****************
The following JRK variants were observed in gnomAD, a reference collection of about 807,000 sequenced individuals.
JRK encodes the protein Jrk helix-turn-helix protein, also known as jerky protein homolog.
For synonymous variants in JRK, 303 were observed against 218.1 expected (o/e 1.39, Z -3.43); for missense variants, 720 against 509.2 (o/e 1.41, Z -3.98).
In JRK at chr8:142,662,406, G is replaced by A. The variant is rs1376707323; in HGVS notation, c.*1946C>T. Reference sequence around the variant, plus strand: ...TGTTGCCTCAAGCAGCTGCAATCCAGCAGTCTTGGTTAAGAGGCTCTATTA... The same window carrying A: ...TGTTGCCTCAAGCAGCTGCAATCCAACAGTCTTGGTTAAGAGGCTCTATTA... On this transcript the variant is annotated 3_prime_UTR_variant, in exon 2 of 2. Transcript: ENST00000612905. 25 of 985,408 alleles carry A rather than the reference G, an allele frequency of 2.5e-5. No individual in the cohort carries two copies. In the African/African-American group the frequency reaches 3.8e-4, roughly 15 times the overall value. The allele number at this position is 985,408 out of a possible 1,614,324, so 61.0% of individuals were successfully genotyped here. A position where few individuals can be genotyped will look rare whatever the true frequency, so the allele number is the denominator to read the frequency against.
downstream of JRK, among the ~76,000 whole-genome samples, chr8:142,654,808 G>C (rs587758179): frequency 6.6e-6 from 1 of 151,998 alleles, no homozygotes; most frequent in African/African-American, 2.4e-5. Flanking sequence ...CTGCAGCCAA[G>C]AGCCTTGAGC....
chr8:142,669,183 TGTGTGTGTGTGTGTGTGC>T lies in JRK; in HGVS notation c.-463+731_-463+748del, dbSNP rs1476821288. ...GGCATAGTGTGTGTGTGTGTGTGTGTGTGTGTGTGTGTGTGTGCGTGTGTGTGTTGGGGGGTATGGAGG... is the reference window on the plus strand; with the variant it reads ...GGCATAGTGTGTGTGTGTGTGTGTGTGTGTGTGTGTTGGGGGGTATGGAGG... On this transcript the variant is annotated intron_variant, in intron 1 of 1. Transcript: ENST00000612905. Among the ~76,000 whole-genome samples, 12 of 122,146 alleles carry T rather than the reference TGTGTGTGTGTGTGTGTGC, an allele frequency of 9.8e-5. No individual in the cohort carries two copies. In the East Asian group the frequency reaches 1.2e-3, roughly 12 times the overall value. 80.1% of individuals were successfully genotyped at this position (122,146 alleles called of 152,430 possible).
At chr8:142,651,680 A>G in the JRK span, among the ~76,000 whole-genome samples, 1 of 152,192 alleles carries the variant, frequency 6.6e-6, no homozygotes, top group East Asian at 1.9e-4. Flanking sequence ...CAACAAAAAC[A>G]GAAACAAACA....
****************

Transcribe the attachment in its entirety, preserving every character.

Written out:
The following JRK variants were observed in gnomAD, a reference collection of about 807,000 sequenced individuals.
JRK encodes the protein Jrk helix-turn-helix protein, also known as jerky protein homolog.
For synonymous variants in JRK, 303 were observed against 218.1 expected (o/e 1.39, Z -3.43); for missense variants, 720 against 509.2 (o/e 1.41, Z -3.98).
In JRK at chr8:142,662,406, G is replaced by A. The variant is rs1376707323; in HGVS notation, c.*1946C>T. Reference sequence around the variant, plus strand: ...TGTTGCCTCAAGCAGCTGCAATCCAGCAGTCTTGGTTAAGAGGCTCTATTA... The same window carrying A: ...TGTTGCCTCAAGCAGCTGCAATCCAACAGTCTTGGTTAAGAGGCTCTATTA... On this transcript the variant is annotated 3_prime_UTR_variant, in exon 2 of 2. Transcript: ENST00000612905. 25 of 985,408 alleles carry A rather than the reference G, an allele frequency of 2.5e-5. No individual in the cohort carries two copies. In the African/African-American group the frequency reaches 3.8e-4, roughly 15 times the overall value. The allele number at this position is 985,408 out of a possible 1,614,324, so 61.0% of individuals were successfully genotyped here. A position where few individuals can be genotyped will look rare whatever the true frequency, so the allele number is the denominator to read the frequency against.
downstream of JRK, among the ~76,000 whole-genome samples, chr8:142,654,808 G>C (rs587758179): frequency 6.6e-6 from 1 of 151,998 alleles, no homozygotes; most frequent in African/African-American, 2.4e-5. Flanking sequence ...CTGCAGCCAA[G>C]AGCCTTGAGC....
chr8:142,669,183 TGTGTGTGTGTGTGTGTGC>T lies in JRK; in HGVS notation c.-463+731_-463+748del, dbSNP rs1476821288. ...GGCATAGTGTGTGTGTGTGTGTGTGTGTGTGTGTGTGTGTGTGCGTGTGTGTGTTGGGGGGTATGGAGG... is the reference window on the plus strand; with the variant it reads ...GGCATAGTGTGTGTGTGTGTGTGTGTGTGTGTGTGTTGGGGGGTATGGAGG... On this transcript the variant is annotated intron_variant, in intron 1 of 1. Transcript: ENST00000612905. Among the ~76,000 whole-genome samples, 12 of 122,146 alleles carry T rather than the reference TGTGTGTGTGTGTGTGTGC, an allele frequency of 9.8e-5. No individual in the cohort carries two copies. In the East Asian group the frequency reaches 1.2e-3, roughly 12 times the overall value. 80.1% of individuals were successfully genotyped at this position (122,146 alleles called of 152,430 possible).
At chr8:142,651,680 A>G in the JRK span, among the ~76,000 whole-genome samples, 1 of 152,192 alleles carries the variant, frequency 6.6e-6, no homozygotes, top group East Asian at 1.9e-4. Flanking sequence ...CAACAAAAAC[A>G]GAAACAAACA....